John Prendergast is a human rights activist and New York Times best-selling author who has focused on peace in Africa for over thirty years. He is the Founding Director of the Enough Project, an initiative to end genocide and crimes against humanity. He is also the Co-Founder of The Sentry, a new investigative initiative focused on dismantling the networks financing conflict and atrocities. John has worked for the Clinton White House, the State Department, two members of Congress, the National Intelligence Council, UNICEF, Human Rights Watch, the International Crisis Group, and the U.S. Institute of Peace. He was featured on a segment of Sixty Minutes, CBS News, on March 19! He has been a Big Brother for over 25 years, as well as a youth counselor and a basketball coach.
Light refreshments will be served.

Friday, March 31

Historicizing Boko Haram's Rage Against Modernity and Munafunci
Critical Research on Africa Lecture Series
Time:
2:00 pm
Presenter:
Dr. Moses Ochonu
Location:
4130 WWPH
Sponsored by:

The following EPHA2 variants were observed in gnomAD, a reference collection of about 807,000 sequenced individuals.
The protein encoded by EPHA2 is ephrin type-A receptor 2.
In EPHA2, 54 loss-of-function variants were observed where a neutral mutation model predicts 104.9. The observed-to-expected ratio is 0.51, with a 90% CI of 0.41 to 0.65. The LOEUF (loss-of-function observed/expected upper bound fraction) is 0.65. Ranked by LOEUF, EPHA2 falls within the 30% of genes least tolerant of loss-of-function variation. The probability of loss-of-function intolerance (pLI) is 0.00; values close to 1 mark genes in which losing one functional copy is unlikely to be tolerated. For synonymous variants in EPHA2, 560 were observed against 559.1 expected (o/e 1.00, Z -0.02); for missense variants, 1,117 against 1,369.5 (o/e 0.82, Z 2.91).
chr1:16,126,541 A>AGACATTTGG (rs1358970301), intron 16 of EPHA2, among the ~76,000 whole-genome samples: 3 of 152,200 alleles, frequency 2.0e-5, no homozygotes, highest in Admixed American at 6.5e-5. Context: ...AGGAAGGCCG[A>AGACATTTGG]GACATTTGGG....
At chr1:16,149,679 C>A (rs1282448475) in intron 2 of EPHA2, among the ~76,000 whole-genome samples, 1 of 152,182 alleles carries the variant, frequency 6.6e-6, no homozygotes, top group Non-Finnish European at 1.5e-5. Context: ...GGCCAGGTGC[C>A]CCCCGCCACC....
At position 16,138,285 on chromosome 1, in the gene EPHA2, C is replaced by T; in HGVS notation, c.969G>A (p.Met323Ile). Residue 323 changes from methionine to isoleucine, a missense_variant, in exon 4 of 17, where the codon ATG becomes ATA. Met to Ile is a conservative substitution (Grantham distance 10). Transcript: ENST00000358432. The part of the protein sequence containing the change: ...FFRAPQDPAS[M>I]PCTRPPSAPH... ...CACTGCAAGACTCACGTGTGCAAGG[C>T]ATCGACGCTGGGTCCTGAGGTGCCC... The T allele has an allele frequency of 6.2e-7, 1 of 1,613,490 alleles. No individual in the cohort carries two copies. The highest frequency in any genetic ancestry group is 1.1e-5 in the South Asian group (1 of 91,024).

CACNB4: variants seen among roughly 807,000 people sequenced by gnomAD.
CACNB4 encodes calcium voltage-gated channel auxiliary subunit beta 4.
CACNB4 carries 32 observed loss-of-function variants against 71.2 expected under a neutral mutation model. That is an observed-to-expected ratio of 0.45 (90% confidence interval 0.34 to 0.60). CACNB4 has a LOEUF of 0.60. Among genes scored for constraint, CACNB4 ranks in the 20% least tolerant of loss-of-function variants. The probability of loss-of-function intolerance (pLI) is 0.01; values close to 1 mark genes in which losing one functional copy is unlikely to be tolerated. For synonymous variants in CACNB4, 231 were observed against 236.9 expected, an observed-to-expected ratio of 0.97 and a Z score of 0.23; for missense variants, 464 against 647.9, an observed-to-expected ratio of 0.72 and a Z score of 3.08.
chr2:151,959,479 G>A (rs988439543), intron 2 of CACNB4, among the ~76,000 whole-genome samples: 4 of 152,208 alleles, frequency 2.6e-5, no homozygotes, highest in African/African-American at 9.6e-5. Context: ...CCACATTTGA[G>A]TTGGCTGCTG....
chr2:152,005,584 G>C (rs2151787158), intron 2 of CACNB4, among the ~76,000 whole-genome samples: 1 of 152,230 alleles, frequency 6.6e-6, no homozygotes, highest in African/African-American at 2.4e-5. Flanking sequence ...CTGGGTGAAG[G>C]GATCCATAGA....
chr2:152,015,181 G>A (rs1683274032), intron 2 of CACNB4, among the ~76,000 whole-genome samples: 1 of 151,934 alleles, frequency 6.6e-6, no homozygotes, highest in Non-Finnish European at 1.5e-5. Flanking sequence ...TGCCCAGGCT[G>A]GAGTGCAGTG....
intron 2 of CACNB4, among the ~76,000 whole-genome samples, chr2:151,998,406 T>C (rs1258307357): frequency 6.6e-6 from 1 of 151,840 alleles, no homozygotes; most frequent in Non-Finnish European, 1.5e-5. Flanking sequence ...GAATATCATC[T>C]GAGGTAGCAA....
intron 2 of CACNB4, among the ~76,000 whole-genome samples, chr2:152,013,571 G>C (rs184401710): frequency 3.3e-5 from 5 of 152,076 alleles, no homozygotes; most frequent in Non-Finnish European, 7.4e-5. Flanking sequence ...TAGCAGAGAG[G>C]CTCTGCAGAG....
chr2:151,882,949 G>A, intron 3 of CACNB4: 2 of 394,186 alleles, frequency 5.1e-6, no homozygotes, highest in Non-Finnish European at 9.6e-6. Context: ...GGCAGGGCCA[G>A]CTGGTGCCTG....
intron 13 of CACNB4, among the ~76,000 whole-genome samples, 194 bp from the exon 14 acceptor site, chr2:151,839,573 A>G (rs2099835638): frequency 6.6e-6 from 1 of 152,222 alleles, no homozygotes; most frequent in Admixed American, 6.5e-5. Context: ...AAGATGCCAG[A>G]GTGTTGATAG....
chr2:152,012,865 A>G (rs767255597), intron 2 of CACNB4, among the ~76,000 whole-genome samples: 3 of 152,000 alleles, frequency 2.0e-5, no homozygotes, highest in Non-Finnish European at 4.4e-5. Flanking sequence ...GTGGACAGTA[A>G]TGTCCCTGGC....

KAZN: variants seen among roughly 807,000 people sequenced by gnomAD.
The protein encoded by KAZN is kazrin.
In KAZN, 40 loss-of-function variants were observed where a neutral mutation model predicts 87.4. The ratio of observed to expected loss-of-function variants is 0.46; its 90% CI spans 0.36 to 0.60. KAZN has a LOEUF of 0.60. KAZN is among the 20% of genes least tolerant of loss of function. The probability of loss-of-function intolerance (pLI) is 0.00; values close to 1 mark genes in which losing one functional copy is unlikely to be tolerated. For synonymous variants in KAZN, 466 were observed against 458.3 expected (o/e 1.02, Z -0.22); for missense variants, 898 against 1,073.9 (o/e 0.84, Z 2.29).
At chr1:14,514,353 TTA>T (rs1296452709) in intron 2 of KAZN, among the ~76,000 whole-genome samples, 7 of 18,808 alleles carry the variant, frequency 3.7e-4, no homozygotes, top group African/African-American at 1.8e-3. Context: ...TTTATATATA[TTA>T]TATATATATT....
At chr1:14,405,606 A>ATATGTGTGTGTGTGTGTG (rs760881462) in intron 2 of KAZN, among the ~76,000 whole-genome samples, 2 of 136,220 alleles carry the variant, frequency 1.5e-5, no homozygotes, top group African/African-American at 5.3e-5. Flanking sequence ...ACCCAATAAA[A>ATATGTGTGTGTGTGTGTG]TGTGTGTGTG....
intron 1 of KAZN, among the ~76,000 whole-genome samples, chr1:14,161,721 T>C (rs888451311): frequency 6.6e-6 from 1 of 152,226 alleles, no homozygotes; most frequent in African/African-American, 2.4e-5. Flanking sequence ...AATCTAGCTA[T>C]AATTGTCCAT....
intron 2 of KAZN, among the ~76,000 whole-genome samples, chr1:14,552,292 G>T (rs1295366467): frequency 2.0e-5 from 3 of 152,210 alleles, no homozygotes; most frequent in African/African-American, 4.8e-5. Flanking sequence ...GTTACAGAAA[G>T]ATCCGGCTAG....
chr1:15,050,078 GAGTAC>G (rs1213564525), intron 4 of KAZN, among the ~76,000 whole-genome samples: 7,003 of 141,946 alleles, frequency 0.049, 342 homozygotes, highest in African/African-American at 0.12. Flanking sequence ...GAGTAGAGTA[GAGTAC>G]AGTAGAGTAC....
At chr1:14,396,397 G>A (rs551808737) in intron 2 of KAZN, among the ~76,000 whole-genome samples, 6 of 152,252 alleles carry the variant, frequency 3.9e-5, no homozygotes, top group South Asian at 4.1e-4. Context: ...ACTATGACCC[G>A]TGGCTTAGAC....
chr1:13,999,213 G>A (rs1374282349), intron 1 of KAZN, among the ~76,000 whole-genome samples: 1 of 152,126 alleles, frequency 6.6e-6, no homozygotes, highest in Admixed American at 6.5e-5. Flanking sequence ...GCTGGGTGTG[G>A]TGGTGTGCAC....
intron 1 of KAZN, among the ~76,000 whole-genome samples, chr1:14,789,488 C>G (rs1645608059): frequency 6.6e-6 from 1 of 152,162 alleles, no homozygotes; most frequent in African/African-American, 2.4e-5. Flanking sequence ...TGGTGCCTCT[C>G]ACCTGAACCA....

African Studies Program and Global Studies Center along with Africana Studies Department, Department of History, World History Center and Global Studies Center

In this talk, Dr. Moses Ochonu, Professor of History at Vanderbilt University, will historicize the political, theological, and economic events and anxieties that produced the Boko Haram insurgency in Nigeria. He will deploy, as a structuring analytical device, the theological and polemical construct of munafunci (or hypocrisy). Munafunci is a recurring trope in the rhetorical claims of Muslim reformers and other critics of political and religious orthodoxies in Northern Nigeria. He will use this grid of munafunci to interrogate the reformist impulses that have animated theological and political contests in Northern Nigerian society, contestations for space and power that prefigured the rise of Boko Haram.

This lecture presentation is part of the Critical Research on Africa Lecture Series organized by ASP Affiliated faculty actively engaged in Africa research.

Wednesday, April 5

Global Issues though Literature
Enchanted Air: Two Cultures, Two Wings, A Memoir
Time:
5:00 pm to 8:00 pm
Location:
4130 Posvar
Sponsored by:
Global Studies Center
Contact Email:
lisarbromberg@pitt.edu

This reading group gathers globally-minded educators to discuss works of fiction that can be used in the classroom to teach global competency skills. Registration for the last two sessions of the year is open; previous attendance is not necessary. This program is supported by Pitt’s Year of Diversity. Contact Lisa Bromberg with questions.